Obtaining higher well yields in hydrogeologically difficult terrains
In most parts of the developing world groundwater lends itself as the most economic water resource in terms of its development and long term management, particularly at the village community level. However in many areas the groundwater is limited to narrow vertical fractured zones that are highly localized geographically resulting in very low water well drilling success rates of less than 25 percent. This ultimately leads to very high costs in the development of these groundwater resources and thereby depriving some of the other potential beneficiary communities of drinking water.
MEK staff were engaged in a three-year research program to help develop suitable groundwater exploration techniques to enhance the success rate of realizing water wells and also obtaining higher well yields in one of such hydrogeologically difficult terrains, the Afram Plains of Ghana. The objective of the research was twofold: develop methods to enhance the success rate of drilling successful water wells in the region, and secondly enhance the capacity of an identified humanitarian organization in-country to be able to independently and effectively use the method(s) developed.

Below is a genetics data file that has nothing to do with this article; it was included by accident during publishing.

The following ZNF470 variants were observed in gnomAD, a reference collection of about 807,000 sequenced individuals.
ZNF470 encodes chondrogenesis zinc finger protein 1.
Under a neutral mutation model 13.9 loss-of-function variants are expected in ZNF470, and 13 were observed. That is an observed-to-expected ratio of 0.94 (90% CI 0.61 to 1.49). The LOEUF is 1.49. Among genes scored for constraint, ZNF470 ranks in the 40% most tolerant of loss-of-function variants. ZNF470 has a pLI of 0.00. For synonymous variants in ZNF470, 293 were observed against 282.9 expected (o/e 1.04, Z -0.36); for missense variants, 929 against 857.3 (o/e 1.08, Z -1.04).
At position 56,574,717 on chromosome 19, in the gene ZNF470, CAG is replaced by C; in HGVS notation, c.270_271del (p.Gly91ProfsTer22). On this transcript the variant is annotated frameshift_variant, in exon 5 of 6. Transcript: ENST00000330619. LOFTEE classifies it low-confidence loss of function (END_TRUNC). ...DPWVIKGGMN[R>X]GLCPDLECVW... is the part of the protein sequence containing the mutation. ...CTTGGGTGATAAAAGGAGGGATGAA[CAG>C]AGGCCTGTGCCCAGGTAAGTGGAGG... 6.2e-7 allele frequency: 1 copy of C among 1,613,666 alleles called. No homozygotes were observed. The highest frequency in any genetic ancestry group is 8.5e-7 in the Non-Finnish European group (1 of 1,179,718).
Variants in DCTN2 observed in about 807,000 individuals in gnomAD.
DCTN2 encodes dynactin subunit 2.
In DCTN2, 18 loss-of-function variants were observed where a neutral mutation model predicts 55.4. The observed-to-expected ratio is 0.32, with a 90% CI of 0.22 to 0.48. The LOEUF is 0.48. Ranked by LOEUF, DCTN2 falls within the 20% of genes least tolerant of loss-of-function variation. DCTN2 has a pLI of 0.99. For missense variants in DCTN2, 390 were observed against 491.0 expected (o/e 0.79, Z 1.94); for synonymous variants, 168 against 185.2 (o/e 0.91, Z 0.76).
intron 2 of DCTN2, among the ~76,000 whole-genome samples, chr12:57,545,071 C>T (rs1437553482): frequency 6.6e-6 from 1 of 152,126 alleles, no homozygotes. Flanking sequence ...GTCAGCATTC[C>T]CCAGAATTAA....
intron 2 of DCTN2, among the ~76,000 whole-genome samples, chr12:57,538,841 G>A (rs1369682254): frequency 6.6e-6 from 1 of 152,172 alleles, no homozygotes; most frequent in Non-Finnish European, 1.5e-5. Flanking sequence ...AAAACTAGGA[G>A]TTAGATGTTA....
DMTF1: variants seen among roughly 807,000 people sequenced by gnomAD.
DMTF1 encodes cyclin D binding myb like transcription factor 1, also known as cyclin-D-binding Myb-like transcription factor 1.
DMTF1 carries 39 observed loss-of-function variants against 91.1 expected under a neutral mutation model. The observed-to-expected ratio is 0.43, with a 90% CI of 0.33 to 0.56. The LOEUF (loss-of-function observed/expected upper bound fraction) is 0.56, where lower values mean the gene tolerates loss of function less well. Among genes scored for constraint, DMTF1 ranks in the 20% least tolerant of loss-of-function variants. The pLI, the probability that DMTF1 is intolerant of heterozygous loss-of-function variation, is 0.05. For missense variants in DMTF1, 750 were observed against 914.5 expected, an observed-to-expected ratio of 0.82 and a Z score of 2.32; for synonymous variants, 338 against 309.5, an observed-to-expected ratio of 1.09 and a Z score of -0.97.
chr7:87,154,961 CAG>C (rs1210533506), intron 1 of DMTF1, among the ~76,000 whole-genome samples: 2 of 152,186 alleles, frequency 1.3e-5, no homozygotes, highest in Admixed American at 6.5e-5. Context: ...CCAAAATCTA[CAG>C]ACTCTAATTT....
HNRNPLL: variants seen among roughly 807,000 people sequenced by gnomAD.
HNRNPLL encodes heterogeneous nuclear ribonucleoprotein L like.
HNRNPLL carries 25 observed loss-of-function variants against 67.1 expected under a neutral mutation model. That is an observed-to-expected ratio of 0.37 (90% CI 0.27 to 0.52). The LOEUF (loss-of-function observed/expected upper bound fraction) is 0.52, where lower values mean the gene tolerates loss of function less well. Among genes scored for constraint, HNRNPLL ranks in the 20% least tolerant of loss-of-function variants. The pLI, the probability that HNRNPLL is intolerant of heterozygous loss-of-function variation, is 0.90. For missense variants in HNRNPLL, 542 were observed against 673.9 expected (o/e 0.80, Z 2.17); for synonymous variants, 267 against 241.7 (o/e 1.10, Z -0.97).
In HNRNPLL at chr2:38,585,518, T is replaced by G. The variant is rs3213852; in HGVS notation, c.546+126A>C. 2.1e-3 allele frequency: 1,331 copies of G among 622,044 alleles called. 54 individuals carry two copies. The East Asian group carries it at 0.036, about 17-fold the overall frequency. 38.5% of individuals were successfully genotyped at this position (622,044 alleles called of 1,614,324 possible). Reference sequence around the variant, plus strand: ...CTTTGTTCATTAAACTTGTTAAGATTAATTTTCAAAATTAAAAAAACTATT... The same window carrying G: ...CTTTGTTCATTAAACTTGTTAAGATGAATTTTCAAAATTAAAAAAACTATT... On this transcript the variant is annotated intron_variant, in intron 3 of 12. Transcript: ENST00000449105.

The plains is underlain by hard, low porosity sandstones, shale beds with sandstone lenses and thinly bedded mudstones. All these rock formation are overlaid by a weathered clay layer, several metres in thickness. Three aquifers were identified during the preliminary desk top studies: the weathered clay overburden material, the narrow near-vertical fracture zones and the occasional poorly consolidated gravel bed.